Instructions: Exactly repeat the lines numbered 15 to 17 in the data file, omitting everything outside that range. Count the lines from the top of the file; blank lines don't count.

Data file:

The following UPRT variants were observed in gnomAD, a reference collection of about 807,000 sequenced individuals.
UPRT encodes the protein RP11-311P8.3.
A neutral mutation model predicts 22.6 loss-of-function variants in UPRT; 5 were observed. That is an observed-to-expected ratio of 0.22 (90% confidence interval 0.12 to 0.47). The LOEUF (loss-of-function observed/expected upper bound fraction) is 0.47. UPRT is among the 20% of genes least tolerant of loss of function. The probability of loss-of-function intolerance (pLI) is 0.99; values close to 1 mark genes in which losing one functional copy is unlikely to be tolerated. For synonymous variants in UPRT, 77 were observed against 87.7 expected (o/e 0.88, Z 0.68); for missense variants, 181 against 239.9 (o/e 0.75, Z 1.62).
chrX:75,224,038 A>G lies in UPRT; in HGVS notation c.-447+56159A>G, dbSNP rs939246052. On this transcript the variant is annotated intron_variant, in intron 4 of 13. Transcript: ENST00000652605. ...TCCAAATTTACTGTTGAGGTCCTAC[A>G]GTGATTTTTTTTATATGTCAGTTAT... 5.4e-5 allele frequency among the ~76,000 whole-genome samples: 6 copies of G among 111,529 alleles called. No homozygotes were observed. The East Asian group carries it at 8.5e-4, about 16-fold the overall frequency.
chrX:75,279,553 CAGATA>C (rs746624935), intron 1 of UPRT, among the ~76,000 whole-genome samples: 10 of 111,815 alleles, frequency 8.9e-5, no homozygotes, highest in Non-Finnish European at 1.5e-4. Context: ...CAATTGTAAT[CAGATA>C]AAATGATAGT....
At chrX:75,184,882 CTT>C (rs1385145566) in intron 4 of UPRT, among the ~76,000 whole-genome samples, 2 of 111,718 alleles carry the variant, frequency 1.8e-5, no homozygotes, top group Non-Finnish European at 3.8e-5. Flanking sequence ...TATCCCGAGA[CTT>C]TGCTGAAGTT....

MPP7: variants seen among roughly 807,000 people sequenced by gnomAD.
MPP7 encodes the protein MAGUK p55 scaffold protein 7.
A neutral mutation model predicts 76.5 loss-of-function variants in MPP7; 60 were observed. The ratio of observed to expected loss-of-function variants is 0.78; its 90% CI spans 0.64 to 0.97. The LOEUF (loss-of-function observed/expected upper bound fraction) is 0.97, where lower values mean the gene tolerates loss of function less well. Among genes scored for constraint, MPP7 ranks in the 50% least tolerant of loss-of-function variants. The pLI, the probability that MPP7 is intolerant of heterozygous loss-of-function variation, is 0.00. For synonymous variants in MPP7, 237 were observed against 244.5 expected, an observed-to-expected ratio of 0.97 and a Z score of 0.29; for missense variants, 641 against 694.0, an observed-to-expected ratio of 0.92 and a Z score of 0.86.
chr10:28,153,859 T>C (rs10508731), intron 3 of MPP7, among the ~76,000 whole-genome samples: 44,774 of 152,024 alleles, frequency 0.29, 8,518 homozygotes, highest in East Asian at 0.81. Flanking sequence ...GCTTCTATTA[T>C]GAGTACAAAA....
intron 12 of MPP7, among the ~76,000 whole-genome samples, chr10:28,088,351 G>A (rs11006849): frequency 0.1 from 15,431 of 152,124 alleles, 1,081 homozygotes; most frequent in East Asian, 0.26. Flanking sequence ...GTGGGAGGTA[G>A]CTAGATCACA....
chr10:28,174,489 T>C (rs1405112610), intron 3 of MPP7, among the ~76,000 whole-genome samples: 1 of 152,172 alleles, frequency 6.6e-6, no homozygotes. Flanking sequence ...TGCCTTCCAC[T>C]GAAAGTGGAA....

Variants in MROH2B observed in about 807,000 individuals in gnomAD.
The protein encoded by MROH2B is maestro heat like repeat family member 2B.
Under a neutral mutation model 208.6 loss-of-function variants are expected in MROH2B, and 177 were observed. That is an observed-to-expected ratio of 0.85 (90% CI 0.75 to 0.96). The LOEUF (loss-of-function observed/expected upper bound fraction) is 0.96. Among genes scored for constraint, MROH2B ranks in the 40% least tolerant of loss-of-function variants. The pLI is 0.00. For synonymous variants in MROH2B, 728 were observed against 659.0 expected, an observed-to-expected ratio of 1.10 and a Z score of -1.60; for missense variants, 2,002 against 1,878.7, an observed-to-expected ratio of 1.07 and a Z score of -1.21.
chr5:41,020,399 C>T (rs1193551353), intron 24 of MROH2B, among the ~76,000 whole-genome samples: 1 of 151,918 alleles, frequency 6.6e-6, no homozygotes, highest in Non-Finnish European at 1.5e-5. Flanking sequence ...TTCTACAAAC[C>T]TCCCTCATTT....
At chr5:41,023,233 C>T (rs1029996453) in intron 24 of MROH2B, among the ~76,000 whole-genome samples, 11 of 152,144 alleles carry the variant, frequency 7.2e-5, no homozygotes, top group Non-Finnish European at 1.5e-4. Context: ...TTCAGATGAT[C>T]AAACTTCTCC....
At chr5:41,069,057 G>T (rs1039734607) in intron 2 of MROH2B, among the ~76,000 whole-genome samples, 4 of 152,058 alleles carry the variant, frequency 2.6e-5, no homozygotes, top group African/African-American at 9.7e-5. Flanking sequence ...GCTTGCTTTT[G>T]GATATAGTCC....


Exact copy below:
Under a neutral mutation model 208.6 loss-of-function variants are expected in MROH2B, and 177 were observed. That is an observed-to-expected ratio of 0.85 (90% CI 0.75 to 0.96). The LOEUF (loss-of-function observed/expected upper bound fraction) is 0.96. Among genes scored for constraint, MROH2B ranks in the 40% least tolerant of loss-of-function variants. The pLI is 0.00. For synonymous variants in MROH2B, 728 were observed against 659.0 expected, an observed-to-expected ratio of 1.10 and a Z score of -1.60; for missense variants, 2,002 against 1,878.7, an observed-to-expected ratio of 1.07 and a Z score of -1.21.
chr5:41,020,399 C>T (rs1193551353), intron 24 of MROH2B, among the ~76,000 whole-genome samples: 1 of 151,918 alleles, frequency 6.6e-6, no homozygotes, highest in Non-Finnish European at 1.5e-5. Flanking sequence ...TTCTACAAAC[C>T]TCCCTCATTT....
At chr5:41,023,233 C>T (rs1029996453) in intron 24 of MROH2B, among the ~76,000 whole-genome samples, 11 of 152,144 alleles carry the variant, frequency 7.2e-5, no homozygotes, top group Non-Finnish European at 1.5e-4. Context: ...TTCAGATGAT[C>T]AAACTTCTCC....